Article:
Story by Shannon Wianecki | Photography by Jack Jeffrey
Humans aren’t the only lovebirds celebrating Valentine’s Day on Maui. According to Dusti Becker, coordinator for the Maui Forest Bird Recovery Project, February 14 marks the date her field crew begins finding the season’s first parrotbill nests. Endemic to Maui, the charismatic, hook-nosed birds begin their lengthy courtship in November.
Forget chocolates; fat, juicy grubs win a lady parrotbill’s loyalty. Males use their signature beaks to plumb dead logs for beetle and moth larvae. “The male will sing to the female, then feed her and sing again,” says Becker. Proving he’s the ultimate provider is critical, since the female won’t be able to forage for herself while brooding their single nestling.
Parrotbills brood from February to June, though don’t expect to stumble across a nest. Only around five hundred wild parrotbills exist today, in the remote rainforests of East Maui. Historically they inhabited lower elevations, but avian malaria pushed the population up the mountainside, where infected mosquitoes can’t reach them.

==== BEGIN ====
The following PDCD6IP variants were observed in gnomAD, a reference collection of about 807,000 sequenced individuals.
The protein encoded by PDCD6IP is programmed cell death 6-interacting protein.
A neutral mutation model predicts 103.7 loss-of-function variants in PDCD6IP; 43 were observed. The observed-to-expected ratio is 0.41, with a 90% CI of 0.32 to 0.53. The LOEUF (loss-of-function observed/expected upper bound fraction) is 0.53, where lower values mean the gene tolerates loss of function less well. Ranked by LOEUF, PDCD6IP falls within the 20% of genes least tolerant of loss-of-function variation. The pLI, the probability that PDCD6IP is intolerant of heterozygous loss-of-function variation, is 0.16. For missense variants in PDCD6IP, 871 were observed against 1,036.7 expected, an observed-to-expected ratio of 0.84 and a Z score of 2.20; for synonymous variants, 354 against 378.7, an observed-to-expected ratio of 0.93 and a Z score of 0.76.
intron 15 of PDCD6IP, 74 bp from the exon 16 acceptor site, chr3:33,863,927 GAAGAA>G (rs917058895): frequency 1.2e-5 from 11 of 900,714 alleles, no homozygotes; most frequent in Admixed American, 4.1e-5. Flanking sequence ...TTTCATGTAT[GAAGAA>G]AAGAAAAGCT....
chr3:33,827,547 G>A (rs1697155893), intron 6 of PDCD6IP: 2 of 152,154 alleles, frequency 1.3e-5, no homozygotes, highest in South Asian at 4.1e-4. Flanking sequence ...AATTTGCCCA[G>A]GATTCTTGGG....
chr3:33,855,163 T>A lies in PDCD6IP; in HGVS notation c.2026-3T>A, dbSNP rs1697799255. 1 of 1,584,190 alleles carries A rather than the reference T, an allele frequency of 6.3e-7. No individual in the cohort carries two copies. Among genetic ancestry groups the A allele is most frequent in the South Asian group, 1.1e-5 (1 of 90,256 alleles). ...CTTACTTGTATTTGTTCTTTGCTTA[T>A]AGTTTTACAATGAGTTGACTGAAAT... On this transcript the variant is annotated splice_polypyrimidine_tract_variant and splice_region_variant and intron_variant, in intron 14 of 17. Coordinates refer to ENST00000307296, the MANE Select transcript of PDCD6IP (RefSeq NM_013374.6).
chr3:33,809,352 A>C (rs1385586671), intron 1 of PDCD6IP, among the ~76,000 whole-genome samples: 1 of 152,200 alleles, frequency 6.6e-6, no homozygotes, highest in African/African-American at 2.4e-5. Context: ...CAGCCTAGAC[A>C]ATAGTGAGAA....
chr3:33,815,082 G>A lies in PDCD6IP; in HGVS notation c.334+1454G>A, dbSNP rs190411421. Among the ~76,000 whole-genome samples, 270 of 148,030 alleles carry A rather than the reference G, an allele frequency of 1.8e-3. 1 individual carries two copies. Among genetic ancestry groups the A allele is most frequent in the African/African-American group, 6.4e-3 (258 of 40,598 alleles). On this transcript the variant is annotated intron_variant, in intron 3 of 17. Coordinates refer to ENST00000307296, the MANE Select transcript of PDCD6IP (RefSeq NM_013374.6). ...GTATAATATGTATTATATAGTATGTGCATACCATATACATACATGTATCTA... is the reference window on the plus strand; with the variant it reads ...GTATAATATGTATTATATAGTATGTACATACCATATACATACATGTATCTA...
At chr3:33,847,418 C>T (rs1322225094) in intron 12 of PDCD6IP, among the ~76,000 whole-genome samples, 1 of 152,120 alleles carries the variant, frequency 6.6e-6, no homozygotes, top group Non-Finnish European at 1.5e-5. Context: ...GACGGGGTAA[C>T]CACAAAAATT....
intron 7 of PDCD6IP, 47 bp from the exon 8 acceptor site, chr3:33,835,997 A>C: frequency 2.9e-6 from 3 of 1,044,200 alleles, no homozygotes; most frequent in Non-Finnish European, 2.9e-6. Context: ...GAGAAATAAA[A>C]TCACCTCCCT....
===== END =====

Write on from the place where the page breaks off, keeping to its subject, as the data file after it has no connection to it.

“They’re cornered in this wet, windy area where the disease doesn’t survive,” says Becker. “Parrotbills are one-child families. They have one baby a year, in bad weather. If it survives, they care for it up to a year and a half. That’s part of why they’re on the edge of extinction—they send their kid to Harvard and pay for it.”
Habitat destruction and predation by cats and mongooses have further decimated this federally endangered species. Feral pigs ravage the native trees and understory that the birds rely on for favorite grubs and nesting spots. “We’re going to lose them if we don’t get the forest restored on this island,” says Becker. “We really need forests fast.”
Meanwhile, parrotbills are doing their best to multiply. The Maui Forest Bird team monitors around thirty mating pairs. Last year, “61 percent had a baby at the end of the season,” she says. “One pair had twins.”